Lawyers representing China’s government have asked the US Department of Commerce (DoC) for more time to propose a deal in the ongoing solar trade dispute between the two countries.
According to the DoC a suspension agreement would put preliminary anti-dumping duties, and the requirement of cash deposits, on hold until an alternative agreement to nullify any unfair trade is agreed. The current filing does not apply to the anti-subsidy case.
A document seen by PV Tech and sent on behalf of the Beijing government asks for a one-week extension of the deadline to submit a suspension agreement, proposing a 15 August cut off date.
Last week, the original petitioner, SolarWorld Americas, and the Solar Energy Industries Association (SEIA) engaged in a public row over proposed agreements.
It emerged that at the end of last week an SEIA delegation travelled to China to meet with manufacturers.
SolarWorld has said a settlement outline put on the table by the SEIA last year is insufficient but would not rule out further talks.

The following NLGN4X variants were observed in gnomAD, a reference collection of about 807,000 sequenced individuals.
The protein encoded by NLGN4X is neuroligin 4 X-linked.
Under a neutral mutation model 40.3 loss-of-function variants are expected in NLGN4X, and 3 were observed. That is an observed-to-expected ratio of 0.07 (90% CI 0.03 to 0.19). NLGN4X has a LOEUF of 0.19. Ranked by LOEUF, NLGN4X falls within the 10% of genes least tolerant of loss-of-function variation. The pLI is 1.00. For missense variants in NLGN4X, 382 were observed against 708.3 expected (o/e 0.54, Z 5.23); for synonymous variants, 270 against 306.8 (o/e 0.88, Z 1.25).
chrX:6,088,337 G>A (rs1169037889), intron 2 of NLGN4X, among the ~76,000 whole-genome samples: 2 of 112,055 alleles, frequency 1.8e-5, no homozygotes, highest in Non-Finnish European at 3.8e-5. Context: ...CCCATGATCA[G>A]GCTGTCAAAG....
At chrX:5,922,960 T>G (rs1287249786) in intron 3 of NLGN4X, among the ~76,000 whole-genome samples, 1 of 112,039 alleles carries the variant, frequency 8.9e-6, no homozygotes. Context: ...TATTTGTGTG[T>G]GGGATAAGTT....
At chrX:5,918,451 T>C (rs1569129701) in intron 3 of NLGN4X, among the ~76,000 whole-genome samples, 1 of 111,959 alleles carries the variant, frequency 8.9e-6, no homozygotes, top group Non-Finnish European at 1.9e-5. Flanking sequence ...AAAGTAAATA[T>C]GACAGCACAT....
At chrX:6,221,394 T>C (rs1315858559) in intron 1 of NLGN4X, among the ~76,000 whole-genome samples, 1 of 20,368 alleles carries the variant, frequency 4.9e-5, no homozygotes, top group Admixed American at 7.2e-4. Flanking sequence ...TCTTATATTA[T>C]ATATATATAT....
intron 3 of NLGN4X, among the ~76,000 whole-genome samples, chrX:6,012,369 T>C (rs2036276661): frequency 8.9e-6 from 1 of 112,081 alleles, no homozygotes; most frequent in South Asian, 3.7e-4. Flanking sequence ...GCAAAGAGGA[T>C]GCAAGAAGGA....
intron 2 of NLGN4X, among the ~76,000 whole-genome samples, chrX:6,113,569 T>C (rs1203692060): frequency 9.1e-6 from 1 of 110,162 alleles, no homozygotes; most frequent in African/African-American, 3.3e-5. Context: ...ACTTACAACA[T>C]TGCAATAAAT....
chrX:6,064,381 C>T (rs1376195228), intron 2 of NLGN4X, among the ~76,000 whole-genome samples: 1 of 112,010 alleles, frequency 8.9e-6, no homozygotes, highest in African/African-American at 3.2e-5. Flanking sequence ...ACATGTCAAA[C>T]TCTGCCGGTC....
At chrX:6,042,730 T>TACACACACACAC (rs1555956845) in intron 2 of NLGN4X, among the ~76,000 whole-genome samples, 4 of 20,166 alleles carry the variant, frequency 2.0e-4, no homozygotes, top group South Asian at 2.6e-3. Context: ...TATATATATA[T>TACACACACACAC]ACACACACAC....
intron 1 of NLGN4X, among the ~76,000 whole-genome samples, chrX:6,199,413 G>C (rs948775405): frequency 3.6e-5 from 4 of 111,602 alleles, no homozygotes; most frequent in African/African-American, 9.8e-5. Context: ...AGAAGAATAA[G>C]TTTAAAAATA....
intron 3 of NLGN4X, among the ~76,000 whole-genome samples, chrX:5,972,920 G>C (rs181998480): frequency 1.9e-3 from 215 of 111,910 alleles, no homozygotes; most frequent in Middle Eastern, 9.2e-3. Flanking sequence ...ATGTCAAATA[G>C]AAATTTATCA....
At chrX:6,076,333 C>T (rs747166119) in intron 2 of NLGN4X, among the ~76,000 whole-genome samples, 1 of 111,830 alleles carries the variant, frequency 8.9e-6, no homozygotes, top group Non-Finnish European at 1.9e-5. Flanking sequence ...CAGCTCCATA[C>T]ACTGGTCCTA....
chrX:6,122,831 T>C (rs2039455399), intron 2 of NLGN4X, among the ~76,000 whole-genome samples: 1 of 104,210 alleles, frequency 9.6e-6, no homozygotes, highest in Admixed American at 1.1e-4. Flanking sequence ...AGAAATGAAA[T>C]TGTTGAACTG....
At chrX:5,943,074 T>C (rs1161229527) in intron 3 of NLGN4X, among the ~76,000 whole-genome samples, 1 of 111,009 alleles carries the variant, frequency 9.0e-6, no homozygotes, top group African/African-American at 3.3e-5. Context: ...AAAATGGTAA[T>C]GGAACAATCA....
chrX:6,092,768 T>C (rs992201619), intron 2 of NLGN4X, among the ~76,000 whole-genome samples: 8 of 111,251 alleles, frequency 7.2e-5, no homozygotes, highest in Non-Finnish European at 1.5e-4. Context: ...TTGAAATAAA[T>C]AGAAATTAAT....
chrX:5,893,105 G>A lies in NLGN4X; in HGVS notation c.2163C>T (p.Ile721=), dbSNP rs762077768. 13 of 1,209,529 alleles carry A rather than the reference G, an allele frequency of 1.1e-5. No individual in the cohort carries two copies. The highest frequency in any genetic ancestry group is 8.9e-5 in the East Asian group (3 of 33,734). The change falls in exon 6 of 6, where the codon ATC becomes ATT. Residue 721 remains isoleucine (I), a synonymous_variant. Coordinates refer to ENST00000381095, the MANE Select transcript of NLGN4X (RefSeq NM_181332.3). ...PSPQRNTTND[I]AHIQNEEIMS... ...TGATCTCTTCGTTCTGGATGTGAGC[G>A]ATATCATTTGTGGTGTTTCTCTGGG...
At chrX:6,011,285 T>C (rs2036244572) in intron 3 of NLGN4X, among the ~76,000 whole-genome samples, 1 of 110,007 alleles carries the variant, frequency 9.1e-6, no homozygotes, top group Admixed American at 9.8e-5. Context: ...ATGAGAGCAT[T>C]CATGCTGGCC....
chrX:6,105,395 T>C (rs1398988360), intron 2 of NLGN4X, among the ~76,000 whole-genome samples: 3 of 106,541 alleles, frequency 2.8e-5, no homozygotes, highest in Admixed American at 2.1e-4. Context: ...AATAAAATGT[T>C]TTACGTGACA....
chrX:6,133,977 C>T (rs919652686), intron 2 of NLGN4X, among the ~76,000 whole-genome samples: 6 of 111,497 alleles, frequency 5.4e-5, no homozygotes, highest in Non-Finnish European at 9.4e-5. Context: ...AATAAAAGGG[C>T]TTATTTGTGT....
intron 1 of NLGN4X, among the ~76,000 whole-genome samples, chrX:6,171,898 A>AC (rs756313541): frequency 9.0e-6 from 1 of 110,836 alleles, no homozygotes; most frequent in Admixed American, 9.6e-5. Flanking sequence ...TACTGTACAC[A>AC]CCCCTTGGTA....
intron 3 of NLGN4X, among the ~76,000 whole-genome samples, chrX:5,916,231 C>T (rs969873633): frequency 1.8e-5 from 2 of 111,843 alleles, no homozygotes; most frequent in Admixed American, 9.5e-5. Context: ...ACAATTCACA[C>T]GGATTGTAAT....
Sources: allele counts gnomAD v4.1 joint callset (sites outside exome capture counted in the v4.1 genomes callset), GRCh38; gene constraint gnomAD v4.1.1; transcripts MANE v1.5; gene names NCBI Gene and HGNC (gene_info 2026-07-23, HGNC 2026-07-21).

One possible solution would be a price undertaking, similar to that between the EU and China. That agreement has an annual quota and a quarterly adjust minimum price on Chinese modules and cells.
The SEIA proposal would involve Chinese manufacturers paying into a settlement fund that would then be distributed among US manufacturers. A similar model was used to settle a longstanding dispute between Canada and the US over timber exports.
The latest trade row includes Taiwanese cell manufacturers. It is unclear what impact a suspension agreement would have on them.
The DoC is not obliged to accept a request for a suspension agreement and it is unclear if it will even allow the deadline extension.